You don’t achieve playability and intonation like that on our review model without sweating the details, and the 5420’s neck, nut, fretboard, and frets all feel very much of a piece.
Construction quality is typically very good in Gretsch’s more affordable Streamliner and Electromatic, and the G5420T does its part to hold up the family reputation. You don’t achieve playability and intonation like that on our review model without sweating the details, and the 5420’s neck, nut, fretboard, and frets all feel very much of a piece. Little details like the binding around the f-holes are also flawlessly executed. One of the only overt signs of the G5420T’s mid-priced status is the polyester-azure-blue finish, which, while dazzling, looks a bit ripply and thick in spots. Even so, in sunlight, it reveals traces of pearlescent turquoise and lake placid blue, depending on the angle from which you view it.
Balance and Brawn
As Gretsch tells it, the new Filter’Trons are designed for stronger bass output and more articulate high end. I don’t know if I would call the low-end exceptionally robust. But 6th string notes exhibit a concise, classy punchiness that resonates with just-right complexity and gracefully adds balance and ballast to chords. Some players expect low notes on a Gretsch hollowbody to explode with the heft of a grand piano. But the chiming low notes of a Fender Rhodes electric piano are a more apt analogy for the 5420’s present, overtone-rich-but-understated bottom-string output. This same knack for balance translates to awesome, articulate overdrive and fuzz tones (though, needless to say, it is important to mind the feedback when messing with the latter).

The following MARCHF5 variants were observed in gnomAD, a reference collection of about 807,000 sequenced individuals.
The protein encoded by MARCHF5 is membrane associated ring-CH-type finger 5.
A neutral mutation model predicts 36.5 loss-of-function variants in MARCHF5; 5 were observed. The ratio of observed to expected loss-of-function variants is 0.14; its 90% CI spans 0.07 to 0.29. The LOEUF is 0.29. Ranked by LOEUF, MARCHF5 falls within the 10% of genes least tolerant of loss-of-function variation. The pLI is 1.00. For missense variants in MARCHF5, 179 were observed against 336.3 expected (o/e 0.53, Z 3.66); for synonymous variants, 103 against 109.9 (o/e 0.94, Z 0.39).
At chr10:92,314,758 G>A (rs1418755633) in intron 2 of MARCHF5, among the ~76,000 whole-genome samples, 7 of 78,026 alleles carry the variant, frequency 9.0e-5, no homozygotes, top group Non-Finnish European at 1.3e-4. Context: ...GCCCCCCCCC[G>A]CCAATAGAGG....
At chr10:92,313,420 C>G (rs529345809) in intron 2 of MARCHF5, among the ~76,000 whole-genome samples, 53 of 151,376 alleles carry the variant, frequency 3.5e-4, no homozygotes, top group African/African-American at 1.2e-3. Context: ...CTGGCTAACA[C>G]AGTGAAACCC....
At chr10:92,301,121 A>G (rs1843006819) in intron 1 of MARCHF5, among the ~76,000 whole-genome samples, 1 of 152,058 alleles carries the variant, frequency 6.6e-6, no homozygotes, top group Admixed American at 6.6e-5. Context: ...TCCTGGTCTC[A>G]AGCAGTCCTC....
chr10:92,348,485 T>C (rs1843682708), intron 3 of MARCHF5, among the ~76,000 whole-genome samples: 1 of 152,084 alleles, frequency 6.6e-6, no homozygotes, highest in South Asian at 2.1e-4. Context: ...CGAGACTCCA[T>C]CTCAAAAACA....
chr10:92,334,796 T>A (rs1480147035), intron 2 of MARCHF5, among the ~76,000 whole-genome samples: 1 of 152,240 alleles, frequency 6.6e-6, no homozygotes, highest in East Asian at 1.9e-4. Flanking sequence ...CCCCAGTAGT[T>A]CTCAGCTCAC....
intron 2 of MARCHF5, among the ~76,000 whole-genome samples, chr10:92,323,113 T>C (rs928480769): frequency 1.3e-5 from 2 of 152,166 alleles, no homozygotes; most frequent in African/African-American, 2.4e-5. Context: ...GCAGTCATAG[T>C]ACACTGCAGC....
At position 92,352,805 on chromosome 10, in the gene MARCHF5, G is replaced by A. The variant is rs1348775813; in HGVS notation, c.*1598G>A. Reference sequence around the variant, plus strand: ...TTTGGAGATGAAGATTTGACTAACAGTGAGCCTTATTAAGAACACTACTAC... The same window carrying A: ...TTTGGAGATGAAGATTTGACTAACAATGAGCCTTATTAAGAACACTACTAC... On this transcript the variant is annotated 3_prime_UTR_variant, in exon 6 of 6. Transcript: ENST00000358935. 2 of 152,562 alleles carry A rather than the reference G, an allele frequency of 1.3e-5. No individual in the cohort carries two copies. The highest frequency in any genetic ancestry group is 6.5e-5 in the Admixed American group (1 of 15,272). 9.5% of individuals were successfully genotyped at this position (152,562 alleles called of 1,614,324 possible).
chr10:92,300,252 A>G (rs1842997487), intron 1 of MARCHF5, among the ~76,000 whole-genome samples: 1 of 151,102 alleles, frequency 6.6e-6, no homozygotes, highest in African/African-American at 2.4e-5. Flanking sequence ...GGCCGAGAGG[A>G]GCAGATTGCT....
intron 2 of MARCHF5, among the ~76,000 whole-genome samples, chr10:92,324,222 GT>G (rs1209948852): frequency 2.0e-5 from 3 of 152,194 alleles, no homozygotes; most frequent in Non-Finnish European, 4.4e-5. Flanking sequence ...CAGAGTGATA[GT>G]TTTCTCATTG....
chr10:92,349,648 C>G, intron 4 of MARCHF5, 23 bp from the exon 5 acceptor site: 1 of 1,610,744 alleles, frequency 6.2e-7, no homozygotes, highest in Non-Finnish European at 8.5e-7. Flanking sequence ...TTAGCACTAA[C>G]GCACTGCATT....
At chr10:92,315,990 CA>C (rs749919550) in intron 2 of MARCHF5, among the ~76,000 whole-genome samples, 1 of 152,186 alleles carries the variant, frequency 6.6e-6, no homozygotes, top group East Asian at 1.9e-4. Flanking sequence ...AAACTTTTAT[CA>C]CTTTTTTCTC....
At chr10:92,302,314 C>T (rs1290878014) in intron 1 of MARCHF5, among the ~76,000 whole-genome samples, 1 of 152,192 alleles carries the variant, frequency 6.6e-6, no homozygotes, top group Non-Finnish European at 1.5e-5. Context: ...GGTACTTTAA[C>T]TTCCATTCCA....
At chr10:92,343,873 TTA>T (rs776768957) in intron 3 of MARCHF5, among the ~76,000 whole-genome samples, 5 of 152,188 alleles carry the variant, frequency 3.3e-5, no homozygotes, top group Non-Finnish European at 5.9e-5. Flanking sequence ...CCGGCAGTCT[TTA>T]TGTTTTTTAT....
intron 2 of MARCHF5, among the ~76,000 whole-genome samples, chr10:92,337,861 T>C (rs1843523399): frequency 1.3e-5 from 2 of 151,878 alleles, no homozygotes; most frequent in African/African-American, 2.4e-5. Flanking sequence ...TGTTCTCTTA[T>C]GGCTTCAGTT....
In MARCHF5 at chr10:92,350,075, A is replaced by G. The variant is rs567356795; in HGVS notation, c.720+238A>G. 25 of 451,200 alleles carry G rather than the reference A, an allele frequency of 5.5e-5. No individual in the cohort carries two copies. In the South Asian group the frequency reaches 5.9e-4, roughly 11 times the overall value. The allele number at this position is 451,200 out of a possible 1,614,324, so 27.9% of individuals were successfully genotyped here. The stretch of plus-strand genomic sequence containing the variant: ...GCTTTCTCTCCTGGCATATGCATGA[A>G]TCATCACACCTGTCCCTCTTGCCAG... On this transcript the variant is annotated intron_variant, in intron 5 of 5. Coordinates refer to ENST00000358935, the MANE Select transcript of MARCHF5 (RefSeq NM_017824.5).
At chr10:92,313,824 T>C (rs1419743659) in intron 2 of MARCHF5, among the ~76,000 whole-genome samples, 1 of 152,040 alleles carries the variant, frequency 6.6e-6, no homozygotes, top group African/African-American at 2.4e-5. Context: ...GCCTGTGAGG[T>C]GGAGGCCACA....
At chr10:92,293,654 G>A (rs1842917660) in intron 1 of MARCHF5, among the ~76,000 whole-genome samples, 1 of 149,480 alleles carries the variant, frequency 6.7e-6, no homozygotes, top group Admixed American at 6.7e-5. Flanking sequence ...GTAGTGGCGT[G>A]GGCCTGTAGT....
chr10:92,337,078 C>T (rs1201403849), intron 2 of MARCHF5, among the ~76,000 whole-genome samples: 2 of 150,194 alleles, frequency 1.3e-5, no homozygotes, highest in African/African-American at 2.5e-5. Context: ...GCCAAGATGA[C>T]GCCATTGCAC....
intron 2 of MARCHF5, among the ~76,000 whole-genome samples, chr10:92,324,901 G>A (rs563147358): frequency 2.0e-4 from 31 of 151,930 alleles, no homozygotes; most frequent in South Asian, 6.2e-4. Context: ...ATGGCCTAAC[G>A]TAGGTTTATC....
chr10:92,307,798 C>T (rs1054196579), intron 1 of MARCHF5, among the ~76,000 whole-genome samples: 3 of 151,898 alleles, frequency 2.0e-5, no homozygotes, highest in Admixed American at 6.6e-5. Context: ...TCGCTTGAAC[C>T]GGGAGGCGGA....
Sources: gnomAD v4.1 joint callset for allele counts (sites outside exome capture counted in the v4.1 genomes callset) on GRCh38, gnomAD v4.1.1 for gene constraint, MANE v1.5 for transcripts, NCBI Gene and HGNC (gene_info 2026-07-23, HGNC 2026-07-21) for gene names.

High-end output, meanwhile, is beautiful. First- and 2nd-string notes ring presently and in graceful balance with the rest of the strings, lending a kinetic but not-too-hot edge to leads and chords. And anyone with an affinity for vintage rockabilly or late-’60s West Coast psychedelia will love the way these high notes hop, quaver, and sing with a waggle of the Bigsby. For this author, anyway, it’s a visceral, addictive thrill—particularly with a big Fender amp and a heap of spring reverb and slapback echo.
Any player well versed and at ease with the idiosyncrasies of a Gretsch hollowbody will love the way the 5420 sounds and feels. And on the latter count, certainly, the 5420T is the equal of many much more pricey guitars. It’s very easy to imagine an upmarket or vintage Gretsch owner who sweats gigging with an expensive axe taking this guitar out instead and feeling right at home. The pickups are very well balanced, present, and detailed. And the Bigsby is smooth and invites all manner of twitchy or surfy vibrato moves. Most important is how these factors conspire to offer an uncommon playing experience with an upmarket feel. “Riff machine” may be a term that you could apply to many guitars, but the combination of the 5420T’s playabililty and open, detailed, and balanced pickups add up to a deep well of habit-smashing inspiration—all at a very nice price, to boot.
Gretsch G5420T Electromatic Hollowbody Demo | First Look